Or, more accurately, they’re not the laptops I’m looking for. Apple speed-bumped its already impressive MacBook line this morning, upping the speed, hard drive capacity, and RAM on their lower-end portables.

Unfortunately for me, I want the MacBook Pro to be revised because that’s the laptop I’m really jonzin’ for. Mystic, my aged PowerBook G4 1.5-GHz, has served me well, but it was underpowered when I bought it in July 2004 since Apple couldn’t find a way to squeeze a G5 into a PowerBook.

Three years is a long time to hold a laptop for a computer consultant, but that’s about what I’m hoping to average. True, I got four years (May 2000 to July 2004) from Trinity, my G3/500 Pismo PowerBook, but that last year was a horrible struggle that left me unable to run a lot of software. In fact, I would have bought a laptop a year earlier except that the best thing going was only a PowerBook G4 running at 1-GHz and that just seemed like such a lame upgrade over a G3/500.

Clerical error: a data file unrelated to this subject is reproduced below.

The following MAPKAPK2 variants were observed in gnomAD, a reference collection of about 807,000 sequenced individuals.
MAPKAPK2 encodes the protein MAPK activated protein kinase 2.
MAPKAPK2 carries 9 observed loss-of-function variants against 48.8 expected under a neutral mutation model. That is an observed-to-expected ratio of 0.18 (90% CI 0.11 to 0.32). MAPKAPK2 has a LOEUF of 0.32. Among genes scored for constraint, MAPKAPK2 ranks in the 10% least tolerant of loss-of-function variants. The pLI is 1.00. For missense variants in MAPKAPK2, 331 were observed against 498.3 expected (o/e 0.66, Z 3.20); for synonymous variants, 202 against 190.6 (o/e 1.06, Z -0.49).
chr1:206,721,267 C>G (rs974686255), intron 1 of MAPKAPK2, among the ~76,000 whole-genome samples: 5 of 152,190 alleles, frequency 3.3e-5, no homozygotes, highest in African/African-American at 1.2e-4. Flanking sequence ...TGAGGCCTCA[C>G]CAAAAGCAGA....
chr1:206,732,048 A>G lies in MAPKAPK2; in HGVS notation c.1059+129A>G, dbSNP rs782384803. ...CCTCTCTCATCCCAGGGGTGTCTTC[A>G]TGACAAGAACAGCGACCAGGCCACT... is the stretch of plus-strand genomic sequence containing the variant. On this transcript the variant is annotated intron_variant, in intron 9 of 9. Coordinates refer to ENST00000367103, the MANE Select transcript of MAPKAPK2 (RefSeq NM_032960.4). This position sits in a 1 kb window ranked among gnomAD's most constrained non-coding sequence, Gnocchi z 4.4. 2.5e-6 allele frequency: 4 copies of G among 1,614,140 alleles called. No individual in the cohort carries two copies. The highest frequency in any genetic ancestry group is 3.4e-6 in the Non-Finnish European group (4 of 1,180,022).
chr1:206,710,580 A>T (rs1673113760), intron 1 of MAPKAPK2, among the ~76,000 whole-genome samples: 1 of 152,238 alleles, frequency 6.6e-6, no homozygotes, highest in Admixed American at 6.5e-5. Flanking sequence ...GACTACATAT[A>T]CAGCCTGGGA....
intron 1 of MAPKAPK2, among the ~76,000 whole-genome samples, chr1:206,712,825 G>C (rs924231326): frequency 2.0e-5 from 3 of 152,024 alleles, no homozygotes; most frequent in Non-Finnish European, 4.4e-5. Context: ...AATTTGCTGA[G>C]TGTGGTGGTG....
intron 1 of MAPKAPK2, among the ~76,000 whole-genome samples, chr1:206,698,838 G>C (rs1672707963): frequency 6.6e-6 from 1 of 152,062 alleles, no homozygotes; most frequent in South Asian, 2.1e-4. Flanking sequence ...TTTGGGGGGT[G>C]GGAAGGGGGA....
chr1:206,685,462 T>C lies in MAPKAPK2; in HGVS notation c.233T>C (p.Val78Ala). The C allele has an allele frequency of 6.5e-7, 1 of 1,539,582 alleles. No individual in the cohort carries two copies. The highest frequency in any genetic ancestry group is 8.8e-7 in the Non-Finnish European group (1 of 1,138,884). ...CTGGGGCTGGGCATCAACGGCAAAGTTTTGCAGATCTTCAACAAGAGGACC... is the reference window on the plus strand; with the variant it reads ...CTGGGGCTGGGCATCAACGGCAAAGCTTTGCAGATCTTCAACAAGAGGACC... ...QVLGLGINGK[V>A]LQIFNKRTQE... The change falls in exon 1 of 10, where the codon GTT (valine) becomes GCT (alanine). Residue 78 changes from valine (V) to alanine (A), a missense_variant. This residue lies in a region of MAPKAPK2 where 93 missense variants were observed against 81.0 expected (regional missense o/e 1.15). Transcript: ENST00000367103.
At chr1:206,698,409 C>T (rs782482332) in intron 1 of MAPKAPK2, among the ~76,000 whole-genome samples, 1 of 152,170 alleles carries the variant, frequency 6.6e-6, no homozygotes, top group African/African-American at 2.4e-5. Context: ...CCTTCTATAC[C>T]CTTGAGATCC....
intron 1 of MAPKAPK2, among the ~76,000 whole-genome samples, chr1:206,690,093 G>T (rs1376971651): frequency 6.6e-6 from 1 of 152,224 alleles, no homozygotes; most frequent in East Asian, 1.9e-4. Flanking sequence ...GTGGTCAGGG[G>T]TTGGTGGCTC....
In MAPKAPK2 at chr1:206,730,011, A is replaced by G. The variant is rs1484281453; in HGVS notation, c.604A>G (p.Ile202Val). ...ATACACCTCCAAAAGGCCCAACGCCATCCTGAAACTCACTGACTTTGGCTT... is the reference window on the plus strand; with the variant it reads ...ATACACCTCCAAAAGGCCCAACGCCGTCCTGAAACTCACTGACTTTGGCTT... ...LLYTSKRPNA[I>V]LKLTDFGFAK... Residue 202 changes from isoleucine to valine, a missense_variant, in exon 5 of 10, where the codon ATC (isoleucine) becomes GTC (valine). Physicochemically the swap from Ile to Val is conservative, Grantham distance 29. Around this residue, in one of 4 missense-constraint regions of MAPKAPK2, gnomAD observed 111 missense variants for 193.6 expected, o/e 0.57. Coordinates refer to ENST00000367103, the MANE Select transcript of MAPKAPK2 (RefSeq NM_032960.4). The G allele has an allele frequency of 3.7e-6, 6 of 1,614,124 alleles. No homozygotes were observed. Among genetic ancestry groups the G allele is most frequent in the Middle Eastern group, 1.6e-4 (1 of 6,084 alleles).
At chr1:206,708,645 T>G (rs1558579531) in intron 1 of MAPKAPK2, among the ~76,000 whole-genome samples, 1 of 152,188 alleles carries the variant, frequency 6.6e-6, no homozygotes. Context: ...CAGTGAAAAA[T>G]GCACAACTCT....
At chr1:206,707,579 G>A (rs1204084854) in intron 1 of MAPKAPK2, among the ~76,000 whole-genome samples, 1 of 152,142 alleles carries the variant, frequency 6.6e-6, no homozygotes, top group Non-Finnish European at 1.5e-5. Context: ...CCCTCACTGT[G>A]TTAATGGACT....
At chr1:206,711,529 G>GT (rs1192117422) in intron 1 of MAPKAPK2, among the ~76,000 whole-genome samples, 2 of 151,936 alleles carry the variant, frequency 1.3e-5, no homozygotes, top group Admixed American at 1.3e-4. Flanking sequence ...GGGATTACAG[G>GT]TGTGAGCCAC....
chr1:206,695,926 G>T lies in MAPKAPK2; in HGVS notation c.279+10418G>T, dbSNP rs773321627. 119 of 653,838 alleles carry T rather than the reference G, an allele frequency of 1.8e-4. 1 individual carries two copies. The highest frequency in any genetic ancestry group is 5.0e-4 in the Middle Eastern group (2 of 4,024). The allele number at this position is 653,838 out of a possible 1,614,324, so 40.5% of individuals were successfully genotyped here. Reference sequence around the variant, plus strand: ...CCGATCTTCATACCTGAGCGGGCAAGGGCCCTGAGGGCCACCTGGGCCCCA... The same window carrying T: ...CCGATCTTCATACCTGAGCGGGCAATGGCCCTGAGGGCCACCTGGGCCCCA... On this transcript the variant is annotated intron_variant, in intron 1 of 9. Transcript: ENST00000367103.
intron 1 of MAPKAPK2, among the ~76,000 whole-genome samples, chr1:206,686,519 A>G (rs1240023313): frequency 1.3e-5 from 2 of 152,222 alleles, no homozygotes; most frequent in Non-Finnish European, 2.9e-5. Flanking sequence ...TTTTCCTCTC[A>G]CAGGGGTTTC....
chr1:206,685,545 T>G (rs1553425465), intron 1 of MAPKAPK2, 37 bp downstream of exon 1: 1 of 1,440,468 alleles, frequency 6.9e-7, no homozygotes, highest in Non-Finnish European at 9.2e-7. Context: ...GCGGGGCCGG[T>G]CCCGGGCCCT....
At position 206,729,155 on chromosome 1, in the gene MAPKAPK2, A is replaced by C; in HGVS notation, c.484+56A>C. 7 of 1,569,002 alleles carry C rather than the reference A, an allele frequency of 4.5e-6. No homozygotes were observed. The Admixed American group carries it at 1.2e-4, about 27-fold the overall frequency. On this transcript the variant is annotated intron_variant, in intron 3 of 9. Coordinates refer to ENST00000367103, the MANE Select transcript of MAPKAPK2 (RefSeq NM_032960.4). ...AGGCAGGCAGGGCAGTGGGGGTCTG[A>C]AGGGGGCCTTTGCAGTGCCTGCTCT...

That lack of portable performance (specifically performance per watt) hamstrung Apple to the point that that shifted from PowerPC to Intel chips. Now armed with Core 2 Duo chips in the portables, Apple’s laptops are again speedy.

For those looking at an everyday laptop, don’t discount the MacBooks based on my disappointment. The only significant difference right now—though it may change soon, because I think a MacBook Pro revision is imminent (he said hopefully)—is that the MacBook Pro line has a separate graphics card. For most folks, that doesn’t even matter. For people like me who want to do video editing with Shake, Final Cut Studio, etc., it’s show-stopping. Those programs won’t even run on a machine with integrated graphics.

So…I continue to hold my breath for the next MacBook Pro revision. I expect it within the next few weeks—probably at the World Wide Developers Conference in June. I’ll be waiting, cash in hand.